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Challenge by animal-rights activist reinstated

A Utah animal-rights activist can challenge the constitutionality of the state's hate-crimes law, the 10th Circuit Court of Appeals has ruled.

The Denver appeals court reinstated Eric Ward's case against the state Monday, ruling he has legal standing to bring his civil lawsuit even though prosecutors dropped charges filed against him under the hate-crimes law.

The ruling reverses a decision by U.S. District Judge Dale A. Kimball and sends the case back to Utah's federal court.

The 10-year-old statute has been challenged in the past, with the Utah Court of Appeals and a state court judge noting the law may not be valid. But a definitive ruling on the constitutionality of the statute has not come down from any state or federal court, said Brian Barnard, Ward's attorney.

Ward was charged under the disputed statute in November 1999 after burning a mink stole outside the Magna home of the owners of a Salt Lake fur salon. Prosecutors relied upon the hate-crime law to increase Ward's disorderly conduct charge from a misdemeanor to a felony.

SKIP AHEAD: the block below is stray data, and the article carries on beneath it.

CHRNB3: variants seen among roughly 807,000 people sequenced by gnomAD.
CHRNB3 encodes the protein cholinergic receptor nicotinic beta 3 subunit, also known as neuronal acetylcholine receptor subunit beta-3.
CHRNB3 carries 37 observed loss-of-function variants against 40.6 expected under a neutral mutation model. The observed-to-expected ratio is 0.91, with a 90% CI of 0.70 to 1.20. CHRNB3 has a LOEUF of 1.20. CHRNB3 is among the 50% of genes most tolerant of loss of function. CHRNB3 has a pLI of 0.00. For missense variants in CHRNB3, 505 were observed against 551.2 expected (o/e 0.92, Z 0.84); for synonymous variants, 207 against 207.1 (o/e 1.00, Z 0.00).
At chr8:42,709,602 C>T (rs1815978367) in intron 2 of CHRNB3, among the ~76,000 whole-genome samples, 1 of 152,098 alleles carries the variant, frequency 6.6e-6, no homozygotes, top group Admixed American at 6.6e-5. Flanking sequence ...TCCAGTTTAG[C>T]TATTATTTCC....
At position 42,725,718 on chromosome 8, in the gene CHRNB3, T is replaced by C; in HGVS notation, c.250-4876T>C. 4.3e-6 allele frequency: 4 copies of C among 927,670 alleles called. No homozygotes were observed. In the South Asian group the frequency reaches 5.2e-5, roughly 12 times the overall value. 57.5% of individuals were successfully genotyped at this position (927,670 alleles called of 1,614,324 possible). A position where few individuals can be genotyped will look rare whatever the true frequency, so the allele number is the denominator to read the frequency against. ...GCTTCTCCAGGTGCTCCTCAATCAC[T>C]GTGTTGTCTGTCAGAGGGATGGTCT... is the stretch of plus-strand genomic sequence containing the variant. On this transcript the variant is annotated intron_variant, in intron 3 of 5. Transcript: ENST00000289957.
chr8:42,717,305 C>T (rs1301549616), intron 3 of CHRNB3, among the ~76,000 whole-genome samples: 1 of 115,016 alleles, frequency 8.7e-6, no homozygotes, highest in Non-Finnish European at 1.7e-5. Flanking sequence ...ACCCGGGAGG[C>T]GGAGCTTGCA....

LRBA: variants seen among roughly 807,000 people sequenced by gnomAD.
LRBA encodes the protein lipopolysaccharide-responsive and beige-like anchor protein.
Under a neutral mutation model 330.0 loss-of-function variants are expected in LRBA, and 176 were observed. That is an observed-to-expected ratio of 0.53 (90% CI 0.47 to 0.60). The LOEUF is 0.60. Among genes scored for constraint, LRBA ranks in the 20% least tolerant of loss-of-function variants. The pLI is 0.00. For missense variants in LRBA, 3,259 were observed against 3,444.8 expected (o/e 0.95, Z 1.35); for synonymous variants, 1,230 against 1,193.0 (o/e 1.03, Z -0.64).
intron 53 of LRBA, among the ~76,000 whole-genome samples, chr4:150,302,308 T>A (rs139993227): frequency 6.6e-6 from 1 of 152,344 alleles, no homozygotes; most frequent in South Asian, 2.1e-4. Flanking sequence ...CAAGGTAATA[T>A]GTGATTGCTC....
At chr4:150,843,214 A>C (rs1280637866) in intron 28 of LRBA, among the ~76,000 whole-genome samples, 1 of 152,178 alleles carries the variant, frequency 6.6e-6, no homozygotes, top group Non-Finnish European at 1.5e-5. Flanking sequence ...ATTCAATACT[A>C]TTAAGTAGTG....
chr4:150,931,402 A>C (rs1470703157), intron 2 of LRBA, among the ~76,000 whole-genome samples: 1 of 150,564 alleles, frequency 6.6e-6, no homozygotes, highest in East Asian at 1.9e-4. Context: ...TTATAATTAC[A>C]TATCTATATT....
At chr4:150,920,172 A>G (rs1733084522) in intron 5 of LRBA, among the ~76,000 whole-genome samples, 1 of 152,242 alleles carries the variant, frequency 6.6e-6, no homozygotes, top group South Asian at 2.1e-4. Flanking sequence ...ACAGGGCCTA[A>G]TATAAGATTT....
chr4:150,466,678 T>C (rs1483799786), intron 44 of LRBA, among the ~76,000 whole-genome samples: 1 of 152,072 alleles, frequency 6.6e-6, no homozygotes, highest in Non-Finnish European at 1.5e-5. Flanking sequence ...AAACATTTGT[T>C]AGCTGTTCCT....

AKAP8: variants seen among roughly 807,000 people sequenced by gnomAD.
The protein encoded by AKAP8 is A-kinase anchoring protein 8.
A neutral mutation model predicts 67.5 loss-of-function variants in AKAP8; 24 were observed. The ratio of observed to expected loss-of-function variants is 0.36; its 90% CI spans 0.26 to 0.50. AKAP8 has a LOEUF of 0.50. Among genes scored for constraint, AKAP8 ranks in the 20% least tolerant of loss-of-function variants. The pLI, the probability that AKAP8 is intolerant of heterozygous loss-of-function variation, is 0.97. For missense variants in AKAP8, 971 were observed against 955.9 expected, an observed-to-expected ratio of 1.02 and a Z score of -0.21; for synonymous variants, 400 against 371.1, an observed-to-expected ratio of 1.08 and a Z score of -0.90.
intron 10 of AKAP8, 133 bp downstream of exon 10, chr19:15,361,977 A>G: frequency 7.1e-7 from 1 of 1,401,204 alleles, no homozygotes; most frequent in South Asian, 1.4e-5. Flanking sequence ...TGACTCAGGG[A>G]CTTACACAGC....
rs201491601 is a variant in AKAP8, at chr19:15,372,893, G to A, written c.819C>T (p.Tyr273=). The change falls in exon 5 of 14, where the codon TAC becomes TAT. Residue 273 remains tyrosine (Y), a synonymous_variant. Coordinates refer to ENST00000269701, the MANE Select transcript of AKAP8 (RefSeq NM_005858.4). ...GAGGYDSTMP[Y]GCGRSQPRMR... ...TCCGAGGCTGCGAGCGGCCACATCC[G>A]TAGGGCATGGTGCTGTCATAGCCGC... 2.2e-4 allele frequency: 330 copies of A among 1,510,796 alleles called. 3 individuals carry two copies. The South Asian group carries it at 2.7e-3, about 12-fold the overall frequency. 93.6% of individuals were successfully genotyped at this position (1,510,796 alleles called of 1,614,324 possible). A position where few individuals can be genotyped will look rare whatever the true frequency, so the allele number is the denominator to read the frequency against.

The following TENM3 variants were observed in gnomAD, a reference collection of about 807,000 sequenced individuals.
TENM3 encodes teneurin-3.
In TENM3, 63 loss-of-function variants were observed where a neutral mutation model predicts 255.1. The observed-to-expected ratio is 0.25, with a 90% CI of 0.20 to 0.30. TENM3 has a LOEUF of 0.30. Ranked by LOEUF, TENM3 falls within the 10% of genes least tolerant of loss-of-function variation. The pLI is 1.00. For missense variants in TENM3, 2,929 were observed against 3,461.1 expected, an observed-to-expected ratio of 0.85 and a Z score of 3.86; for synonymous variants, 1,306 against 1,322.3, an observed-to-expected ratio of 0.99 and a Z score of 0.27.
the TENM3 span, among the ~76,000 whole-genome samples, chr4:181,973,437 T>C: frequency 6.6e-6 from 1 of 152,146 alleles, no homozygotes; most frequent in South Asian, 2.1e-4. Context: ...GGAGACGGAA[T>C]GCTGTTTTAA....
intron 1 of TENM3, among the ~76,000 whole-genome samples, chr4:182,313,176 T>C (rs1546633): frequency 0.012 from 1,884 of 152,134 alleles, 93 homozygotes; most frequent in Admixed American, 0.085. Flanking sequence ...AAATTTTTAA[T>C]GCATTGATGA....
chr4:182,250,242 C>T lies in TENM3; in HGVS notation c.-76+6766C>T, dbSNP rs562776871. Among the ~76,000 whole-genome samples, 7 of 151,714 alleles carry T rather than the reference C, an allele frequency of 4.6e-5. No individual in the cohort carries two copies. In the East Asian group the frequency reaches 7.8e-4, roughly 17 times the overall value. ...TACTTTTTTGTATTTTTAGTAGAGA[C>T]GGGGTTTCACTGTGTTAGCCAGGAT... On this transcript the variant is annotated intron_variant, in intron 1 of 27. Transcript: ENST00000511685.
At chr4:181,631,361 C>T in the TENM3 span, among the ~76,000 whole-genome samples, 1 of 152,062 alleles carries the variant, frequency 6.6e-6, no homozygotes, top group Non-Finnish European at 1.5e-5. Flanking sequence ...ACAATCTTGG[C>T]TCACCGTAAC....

In his case against the statute, Ward argued he faced future prosecution under the law because he planned to continue participating in such protests.

Kimball disagreed, saying "there is no actual or well-founded fear that the challenged statute would ever be enforced against (Ward)" again.

But the 10th Circuit ruled in the opposite direction, saying it's clear Ward is indeed a target under the hate-crimes statute.

"Thus, we conclude that Ward faces a credible threat of future prosecution and suffers from an injury in the form of a 'chilling effect' on his desire to engage in First Amendment activities," the appeals court ruled.

Ward's attorney, Brian Barnard, has argued the language of the statute is unconstitutionally vague and allows for criminal prosecution against virtually anyone under the label of a "hate crime."

True hate-crimes laws are intended to enhance penalties when a crime is committed because of a victim's race, gender, sexual preference or religion, Barnard said. Utah's law, however, simply targets people who commit an offense with the intent to "intimidate or terrorize another person," which violates the First Amendment right to free speech.

A bill in the 2003 legislative session would have amended the hate-crimes law to include specific classifications of protected people and enhanced penalties for those convicted under the law. The bill failed to get out of the House.